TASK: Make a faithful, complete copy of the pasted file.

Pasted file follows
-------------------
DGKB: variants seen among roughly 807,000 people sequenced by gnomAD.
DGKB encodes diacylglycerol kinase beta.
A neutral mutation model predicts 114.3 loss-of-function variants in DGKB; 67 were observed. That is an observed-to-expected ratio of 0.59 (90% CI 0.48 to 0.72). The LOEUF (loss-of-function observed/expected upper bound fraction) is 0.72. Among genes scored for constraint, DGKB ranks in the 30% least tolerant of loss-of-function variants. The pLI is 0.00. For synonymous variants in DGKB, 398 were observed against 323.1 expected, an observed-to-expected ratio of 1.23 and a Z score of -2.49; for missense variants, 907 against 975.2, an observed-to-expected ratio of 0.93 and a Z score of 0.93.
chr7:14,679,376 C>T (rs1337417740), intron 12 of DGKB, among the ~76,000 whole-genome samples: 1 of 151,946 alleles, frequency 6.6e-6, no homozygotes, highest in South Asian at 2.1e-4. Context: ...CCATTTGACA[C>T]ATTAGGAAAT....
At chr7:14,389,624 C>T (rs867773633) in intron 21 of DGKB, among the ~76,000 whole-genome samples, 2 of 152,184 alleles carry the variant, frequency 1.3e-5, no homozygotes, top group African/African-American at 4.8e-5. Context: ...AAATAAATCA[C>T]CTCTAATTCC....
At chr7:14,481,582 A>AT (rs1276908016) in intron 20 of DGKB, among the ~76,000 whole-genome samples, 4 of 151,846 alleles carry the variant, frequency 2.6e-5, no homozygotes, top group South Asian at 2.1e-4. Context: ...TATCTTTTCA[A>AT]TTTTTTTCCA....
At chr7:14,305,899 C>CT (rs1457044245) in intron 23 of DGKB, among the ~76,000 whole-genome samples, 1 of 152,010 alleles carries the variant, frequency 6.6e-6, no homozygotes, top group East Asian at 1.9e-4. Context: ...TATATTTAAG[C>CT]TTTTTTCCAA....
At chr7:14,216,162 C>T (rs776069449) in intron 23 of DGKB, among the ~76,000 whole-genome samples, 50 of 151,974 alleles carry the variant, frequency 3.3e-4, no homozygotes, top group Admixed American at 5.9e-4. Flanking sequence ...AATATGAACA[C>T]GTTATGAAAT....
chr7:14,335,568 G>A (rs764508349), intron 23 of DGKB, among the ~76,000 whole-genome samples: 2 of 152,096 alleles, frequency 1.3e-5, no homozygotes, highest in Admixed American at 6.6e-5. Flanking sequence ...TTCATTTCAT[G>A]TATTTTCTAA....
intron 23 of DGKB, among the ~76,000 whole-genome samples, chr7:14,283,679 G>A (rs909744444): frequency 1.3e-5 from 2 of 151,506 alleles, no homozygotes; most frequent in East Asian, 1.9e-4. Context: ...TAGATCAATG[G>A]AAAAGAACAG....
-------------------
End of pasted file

DGKB: variants seen among roughly 807,000 people sequenced by gnomAD.
DGKB encodes diacylglycerol kinase beta.
A neutral mutation model predicts 114.3 loss-of-function variants in DGKB; 67 were observed. That is an observed-to-expected ratio of 0.59 (90% CI 0.48 to 0.72). The LOEUF (loss-of-function observed/expected upper bound fraction) is 0.72. Among genes scored for constraint, DGKB ranks in the 30% least tolerant of loss-of-function variants. The pLI is 0.00. For synonymous variants in DGKB, 398 were observed against 323.1 expected, an observed-to-expected ratio of 1.23 and a Z score of -2.49; for missense variants, 907 against 975.2, an observed-to-expected ratio of 0.93 and a Z score of 0.93.
chr7:14,679,376 C>T (rs1337417740), intron 12 of DGKB, among the ~76,000 whole-genome samples: 1 of 151,946 alleles, frequency 6.6e-6, no homozygotes, highest in South Asian at 2.1e-4. Context: ...CCATTTGACA[C>T]ATTAGGAAAT....
At chr7:14,389,624 C>T (rs867773633) in intron 21 of DGKB, among the ~76,000 whole-genome samples, 2 of 152,184 alleles carry the variant, frequency 1.3e-5, no homozygotes, top group African/African-American at 4.8e-5. Context: ...AAATAAATCA[C>T]CTCTAATTCC....
At chr7:14,481,582 A>AT (rs1276908016) in intron 20 of DGKB, among the ~76,000 whole-genome samples, 4 of 151,846 alleles carry the variant, frequency 2.6e-5, no homozygotes, top group South Asian at 2.1e-4. Context: ...TATCTTTTCA[A>AT]TTTTTTTCCA....
At chr7:14,305,899 C>CT (rs1457044245) in intron 23 of DGKB, among the ~76,000 whole-genome samples, 1 of 152,010 alleles carries the variant, frequency 6.6e-6, no homozygotes, top group East Asian at 1.9e-4. Context: ...TATATTTAAG[C>CT]TTTTTTCCAA....
At chr7:14,216,162 C>T (rs776069449) in intron 23 of DGKB, among the ~76,000 whole-genome samples, 50 of 151,974 alleles carry the variant, frequency 3.3e-4, no homozygotes, top group Admixed American at 5.9e-4. Flanking sequence ...AATATGAACA[C>T]GTTATGAAAT....
chr7:14,335,568 G>A (rs764508349), intron 23 of DGKB, among the ~76,000 whole-genome samples: 2 of 152,096 alleles, frequency 1.3e-5, no homozygotes, highest in Admixed American at 6.6e-5. Flanking sequence ...TTCATTTCAT[G>A]TATTTTCTAA....
intron 23 of DGKB, among the ~76,000 whole-genome samples, chr7:14,283,679 G>A (rs909744444): frequency 1.3e-5 from 2 of 151,506 alleles, no homozygotes; most frequent in East Asian, 1.9e-4. Context: ...TAGATCAATG[G>A]AAAAGAACAG....